Michael Harding: How I ended up on a Zoom call with a psychotherapist

She was in an embarrassing fix: listening to nonsense from a stranger on the internet

‘And what do you do for a living?’ I wondered, trying to reclaim the upper hand. ‘I’m a psychotherapist,’ she announced with a grin. Photograph: Getty Images

Someone asked me to give a creative writing workshop on Zoom recently. There was supposed to be half a dozen participants, but by the time the Zoom app was ready to connect everyone, five had cancelled and I ended up face to face with a woman in suburbia who wanted to write a memoir.

“So what does a writer do in a lockdown?” she wondered, as she sat at her kitchen table with a mug of coffee beside her laptop.

“Write,” I suggested.

“And what do you write?” she wondered, putting the focus on me.


“I write stuff on blank pages without thinking too much,” I said. “Sometimes stuff that embarrasses me; and sometimes it’s like a voice that doesn’t belong to me.”

“Who does it belong to?”

“Nobody,” I suggested, digging myself deeper into a mire of muddled ideas and beginning to realise that I wasn’t capable of delivering a workshop online, especially to just one person.

“I write down lots of neurotic stuff,” I confessed. “Usually in emotional narratives. And then I try to figure out where the story is inside the mess. I’m like a sculptor chiselling something from stone.”

She moved the mug of coffee to her lips and back to the table with lethargy and I suspect she was wondering how she got herself into such an embarrassing fix: listening to sh**e from a stranger on the internet.


“How can you cope with that kind of life?” she wanted to know.

I suppose I should have shut up and found an exit strategy but like the gobdaw my teachers regularly assured me I would eventually become, I plodded on.

“Writing is like therapy,” I declared, by now utterly muddled. “It’s my way of discovering who I am.”

But she wasn’t buying that rubbish.

“Sounds very self-centred to me,” she muttered; “alone in a room, turning yourself inside out, instead of going out and meeting people”.

“And what do you do for a living?” I wondered, trying to reclaim the upper hand.

“I’m a psychotherapist,” she announced with a grin.

When the ordeal was over I sat by the stove for the rest of the day, but I couldn’t write a single sentence. And because the stove was hot and the room was stuffy, I opened a door, gazed at the clouds, and listened to the rain pattering on the galvanised shed.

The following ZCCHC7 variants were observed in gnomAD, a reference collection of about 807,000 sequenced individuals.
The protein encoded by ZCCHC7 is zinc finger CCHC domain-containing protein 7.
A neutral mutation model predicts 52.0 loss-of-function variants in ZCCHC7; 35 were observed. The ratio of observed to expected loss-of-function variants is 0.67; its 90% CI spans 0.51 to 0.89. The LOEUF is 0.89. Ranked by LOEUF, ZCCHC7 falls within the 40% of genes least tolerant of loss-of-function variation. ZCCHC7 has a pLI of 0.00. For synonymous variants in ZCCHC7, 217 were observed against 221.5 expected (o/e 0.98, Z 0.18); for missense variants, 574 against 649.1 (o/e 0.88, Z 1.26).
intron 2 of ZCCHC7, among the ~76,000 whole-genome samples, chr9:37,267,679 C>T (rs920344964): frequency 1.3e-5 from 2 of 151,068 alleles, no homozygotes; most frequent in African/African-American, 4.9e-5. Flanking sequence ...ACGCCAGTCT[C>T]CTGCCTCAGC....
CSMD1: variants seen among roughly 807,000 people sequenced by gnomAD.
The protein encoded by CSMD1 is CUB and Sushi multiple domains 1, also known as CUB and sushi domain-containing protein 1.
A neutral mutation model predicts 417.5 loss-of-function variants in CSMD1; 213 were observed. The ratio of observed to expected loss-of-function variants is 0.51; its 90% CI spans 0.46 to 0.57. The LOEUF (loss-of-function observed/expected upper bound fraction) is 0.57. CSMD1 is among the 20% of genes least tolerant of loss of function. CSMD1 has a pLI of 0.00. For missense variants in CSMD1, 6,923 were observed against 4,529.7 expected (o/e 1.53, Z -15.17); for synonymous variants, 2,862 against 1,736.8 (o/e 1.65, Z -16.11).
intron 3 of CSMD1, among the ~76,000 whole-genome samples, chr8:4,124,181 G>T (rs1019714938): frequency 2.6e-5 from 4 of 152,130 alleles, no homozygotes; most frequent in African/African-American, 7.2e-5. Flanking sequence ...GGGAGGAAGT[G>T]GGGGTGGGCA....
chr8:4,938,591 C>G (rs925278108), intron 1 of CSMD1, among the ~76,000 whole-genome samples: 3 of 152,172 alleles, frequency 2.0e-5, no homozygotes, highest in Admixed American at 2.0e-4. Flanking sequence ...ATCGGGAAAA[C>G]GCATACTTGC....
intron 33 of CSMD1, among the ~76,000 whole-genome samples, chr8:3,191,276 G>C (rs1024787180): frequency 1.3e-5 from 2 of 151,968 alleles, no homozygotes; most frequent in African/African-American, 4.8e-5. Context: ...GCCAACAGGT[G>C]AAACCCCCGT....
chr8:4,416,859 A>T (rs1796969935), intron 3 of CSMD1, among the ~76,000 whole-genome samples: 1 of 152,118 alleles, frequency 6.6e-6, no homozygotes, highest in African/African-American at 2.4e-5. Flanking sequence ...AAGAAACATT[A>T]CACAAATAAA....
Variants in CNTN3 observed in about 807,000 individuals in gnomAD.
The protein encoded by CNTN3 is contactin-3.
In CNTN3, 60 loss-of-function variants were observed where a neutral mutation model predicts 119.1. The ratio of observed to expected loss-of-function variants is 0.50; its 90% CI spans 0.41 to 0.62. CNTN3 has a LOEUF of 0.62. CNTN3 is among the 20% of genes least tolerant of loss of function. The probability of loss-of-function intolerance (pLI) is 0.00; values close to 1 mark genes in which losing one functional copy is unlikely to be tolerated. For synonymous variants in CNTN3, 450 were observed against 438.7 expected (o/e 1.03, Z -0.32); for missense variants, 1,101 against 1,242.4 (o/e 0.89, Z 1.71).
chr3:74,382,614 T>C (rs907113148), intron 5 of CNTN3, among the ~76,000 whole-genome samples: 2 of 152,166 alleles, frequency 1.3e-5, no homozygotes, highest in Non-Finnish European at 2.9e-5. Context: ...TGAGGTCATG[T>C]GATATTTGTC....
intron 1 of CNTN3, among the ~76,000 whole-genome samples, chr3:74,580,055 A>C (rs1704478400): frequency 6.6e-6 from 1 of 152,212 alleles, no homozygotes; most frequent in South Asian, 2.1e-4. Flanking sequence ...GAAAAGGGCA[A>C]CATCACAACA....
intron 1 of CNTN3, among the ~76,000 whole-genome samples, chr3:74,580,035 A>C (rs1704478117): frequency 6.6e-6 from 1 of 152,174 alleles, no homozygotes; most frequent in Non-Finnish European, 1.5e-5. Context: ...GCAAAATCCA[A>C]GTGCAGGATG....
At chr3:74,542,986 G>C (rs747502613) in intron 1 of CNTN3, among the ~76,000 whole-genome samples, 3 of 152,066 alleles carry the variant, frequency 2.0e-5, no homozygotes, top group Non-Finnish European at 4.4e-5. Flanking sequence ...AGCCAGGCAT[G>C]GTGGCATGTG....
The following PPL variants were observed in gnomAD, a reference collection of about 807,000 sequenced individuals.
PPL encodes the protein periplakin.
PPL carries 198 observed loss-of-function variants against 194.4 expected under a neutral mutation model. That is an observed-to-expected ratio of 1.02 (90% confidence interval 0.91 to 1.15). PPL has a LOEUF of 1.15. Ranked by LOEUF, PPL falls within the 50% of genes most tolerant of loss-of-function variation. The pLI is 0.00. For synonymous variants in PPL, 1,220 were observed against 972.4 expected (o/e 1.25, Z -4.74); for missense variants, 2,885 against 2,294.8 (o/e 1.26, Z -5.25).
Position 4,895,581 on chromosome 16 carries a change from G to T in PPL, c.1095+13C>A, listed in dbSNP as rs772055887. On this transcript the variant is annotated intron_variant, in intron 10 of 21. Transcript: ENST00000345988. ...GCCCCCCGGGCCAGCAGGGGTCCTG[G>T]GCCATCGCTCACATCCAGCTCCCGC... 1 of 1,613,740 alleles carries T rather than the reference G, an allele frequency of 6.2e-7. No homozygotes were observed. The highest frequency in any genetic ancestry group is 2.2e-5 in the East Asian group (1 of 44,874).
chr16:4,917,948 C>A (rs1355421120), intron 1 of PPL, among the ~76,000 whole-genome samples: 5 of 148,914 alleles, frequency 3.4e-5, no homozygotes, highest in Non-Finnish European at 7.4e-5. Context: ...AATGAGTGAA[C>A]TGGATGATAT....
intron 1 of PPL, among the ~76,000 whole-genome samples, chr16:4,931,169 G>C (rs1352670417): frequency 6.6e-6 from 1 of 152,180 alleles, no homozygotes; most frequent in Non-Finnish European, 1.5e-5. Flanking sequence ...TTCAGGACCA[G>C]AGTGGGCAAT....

In the distance I could hear an artist’s chisel; my beloved in her studio hammering on stone. And maybe because I began dozing, and maybe because I could hear her chisel’s gentle tapping, my dreams gathered up all the years we have been together and I realised how easy it is sometimes, to forget.

I forget the places we have travelled, and the hotels we have slept in; the mountain paths we have walked on and the cathedrals we have stumbled into in the dark. I forget the manic intoxicated afternoons in Dublin bars, and the parties until dawn in various painters’ studios; the barbecues in backyards, and mid-summer nights in magical woodlands.

I forget the dull hours we have spent doing nothing except watching television or sitting across from each other at the breakfast table or wandering around car boot sales and open-air markets on Sunday mornings.

Tunnels of anxiety

I even forget all the snow in Poland, the train to Lodz, and the sun in Arizona blinding sheep in the Navajo territories of that state. I forget the smell of the sea on Donegal beaches, the taste of oysters, and the stench of garbage on the streets of New York; back when those streets were really mean and dirty and we found an apartment on Bleecker Street for a few weeks, and watched history unfold on Tiananmen Square every night.

Sometimes I forget that I am in love and I end up in tunnels of anxiety. But the truth is that underneath everything, human beings are always in love. And when I remember that, I can write again.

The rain had stopped and the stove was cold and I decided to compose an email to the therapist who wanted to write her memoir.

“Perhaps we should continue next week,” I suggested. “You’re right about selfishness. But I think writing can also be about love. Or to put it another way, writing is exactly the same as life. The only difference is that life is about living, and writing is about remembering. And the sweetest pleasure in life is never in the actual moment, but in the remembrance of things.”